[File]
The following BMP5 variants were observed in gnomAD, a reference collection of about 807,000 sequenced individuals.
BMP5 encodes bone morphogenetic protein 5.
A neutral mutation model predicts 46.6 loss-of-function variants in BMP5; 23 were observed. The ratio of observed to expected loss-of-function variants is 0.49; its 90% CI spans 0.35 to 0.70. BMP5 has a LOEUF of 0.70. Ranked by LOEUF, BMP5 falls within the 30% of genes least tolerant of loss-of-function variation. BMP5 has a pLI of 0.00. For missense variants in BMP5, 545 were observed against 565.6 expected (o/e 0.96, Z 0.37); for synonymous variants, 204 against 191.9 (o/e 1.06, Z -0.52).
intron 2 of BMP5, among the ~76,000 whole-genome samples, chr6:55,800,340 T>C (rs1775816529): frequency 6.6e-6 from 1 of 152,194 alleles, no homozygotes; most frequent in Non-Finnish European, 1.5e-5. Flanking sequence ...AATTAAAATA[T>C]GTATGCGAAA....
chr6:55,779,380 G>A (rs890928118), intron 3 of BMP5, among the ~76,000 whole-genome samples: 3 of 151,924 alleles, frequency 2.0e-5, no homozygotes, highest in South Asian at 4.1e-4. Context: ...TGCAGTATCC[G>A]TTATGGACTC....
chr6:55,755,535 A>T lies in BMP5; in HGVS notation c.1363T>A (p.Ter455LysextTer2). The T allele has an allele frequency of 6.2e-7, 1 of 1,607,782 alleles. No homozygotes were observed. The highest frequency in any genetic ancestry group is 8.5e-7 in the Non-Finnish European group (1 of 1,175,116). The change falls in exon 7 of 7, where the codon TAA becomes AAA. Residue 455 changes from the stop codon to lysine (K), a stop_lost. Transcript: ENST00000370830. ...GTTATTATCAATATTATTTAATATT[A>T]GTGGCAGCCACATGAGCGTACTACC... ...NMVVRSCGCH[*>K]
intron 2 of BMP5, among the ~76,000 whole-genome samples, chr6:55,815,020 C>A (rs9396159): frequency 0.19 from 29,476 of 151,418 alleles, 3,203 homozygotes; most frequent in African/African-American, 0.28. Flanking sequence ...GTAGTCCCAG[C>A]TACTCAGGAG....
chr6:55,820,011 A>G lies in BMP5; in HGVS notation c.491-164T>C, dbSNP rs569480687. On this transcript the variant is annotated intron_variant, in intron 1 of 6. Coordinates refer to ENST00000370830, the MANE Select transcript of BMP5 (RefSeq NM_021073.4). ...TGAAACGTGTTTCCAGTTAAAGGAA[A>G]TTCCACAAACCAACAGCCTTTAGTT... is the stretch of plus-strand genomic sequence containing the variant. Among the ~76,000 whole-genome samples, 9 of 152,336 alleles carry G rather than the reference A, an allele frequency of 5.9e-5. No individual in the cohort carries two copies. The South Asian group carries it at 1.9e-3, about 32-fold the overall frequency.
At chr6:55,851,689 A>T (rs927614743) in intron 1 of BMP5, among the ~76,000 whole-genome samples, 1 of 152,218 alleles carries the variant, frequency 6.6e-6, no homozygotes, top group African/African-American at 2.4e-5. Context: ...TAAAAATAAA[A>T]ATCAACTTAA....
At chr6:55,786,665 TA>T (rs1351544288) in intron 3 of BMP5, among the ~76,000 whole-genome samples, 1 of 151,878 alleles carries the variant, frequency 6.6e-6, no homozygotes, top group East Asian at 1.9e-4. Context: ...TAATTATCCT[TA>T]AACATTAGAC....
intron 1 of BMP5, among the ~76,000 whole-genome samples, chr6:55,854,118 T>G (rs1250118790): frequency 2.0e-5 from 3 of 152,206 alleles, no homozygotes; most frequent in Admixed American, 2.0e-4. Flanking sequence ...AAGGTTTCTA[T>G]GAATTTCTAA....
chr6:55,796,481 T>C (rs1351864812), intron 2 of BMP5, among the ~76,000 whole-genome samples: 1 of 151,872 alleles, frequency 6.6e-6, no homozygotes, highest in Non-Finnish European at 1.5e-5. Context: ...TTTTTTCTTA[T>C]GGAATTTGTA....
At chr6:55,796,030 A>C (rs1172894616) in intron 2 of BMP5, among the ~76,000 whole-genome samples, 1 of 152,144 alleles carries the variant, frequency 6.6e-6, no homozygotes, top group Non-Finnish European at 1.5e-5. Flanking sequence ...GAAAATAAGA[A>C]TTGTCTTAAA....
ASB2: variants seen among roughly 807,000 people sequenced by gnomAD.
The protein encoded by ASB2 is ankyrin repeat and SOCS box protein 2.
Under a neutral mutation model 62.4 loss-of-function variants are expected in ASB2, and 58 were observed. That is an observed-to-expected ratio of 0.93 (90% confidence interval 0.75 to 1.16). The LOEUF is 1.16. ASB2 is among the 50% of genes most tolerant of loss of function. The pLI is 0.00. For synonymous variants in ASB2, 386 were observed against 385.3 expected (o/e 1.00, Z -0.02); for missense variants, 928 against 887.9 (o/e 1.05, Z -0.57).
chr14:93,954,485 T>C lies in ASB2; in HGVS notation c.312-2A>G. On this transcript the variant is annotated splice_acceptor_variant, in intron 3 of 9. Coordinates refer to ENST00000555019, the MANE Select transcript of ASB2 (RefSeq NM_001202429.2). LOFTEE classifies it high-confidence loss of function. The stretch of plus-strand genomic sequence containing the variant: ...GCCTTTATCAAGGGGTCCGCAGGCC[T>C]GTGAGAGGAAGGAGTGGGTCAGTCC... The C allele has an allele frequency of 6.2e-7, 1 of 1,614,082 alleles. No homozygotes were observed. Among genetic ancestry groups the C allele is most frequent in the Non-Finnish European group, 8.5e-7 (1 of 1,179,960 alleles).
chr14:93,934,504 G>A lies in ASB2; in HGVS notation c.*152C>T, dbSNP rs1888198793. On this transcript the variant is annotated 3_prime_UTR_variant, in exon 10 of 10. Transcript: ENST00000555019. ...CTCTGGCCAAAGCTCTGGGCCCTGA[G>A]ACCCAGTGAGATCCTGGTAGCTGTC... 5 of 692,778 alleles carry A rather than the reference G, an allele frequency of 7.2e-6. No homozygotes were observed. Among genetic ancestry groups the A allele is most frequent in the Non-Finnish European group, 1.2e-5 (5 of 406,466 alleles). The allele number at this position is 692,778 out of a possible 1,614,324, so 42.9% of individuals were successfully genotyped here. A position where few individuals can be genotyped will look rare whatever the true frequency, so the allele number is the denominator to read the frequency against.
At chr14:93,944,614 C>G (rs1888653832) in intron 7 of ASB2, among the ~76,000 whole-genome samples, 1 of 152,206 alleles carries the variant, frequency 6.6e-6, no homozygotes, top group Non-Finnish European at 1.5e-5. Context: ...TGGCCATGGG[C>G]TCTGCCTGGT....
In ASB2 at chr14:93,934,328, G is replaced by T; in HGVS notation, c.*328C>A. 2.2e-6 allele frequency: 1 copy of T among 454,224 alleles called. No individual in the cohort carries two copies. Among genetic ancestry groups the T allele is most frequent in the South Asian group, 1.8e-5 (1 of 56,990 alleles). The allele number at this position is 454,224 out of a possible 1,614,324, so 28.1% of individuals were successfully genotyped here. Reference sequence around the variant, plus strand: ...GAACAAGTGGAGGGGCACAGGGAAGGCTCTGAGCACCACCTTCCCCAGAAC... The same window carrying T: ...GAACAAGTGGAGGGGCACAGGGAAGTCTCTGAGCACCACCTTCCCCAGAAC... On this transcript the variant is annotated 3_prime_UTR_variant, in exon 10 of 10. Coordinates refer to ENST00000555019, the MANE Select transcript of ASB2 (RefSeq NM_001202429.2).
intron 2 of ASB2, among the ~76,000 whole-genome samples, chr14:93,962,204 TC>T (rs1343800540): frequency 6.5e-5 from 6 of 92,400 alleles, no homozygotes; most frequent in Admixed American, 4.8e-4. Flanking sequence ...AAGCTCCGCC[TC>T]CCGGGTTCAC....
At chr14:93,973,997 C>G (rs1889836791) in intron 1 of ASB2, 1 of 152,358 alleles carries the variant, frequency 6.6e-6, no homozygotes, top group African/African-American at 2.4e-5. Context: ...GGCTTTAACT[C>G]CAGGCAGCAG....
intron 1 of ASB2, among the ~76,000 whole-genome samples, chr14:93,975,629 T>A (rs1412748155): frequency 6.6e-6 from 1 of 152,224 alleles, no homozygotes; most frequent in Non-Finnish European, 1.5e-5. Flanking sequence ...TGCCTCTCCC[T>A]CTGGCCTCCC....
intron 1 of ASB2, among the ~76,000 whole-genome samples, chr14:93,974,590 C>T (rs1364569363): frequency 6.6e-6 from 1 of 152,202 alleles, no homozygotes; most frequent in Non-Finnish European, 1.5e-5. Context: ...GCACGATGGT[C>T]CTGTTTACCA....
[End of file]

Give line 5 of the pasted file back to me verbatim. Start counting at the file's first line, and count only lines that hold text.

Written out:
chr6:55,779,380 G>A (rs890928118), intron 3 of BMP5, among the ~76,000 whole-genome samples: 3 of 151,924 alleles, frequency 2.0e-5, no homozygotes, highest in South Asian at 4.1e-4. Context: ...TGCAGTATCC[G>A]TTATGGACTC....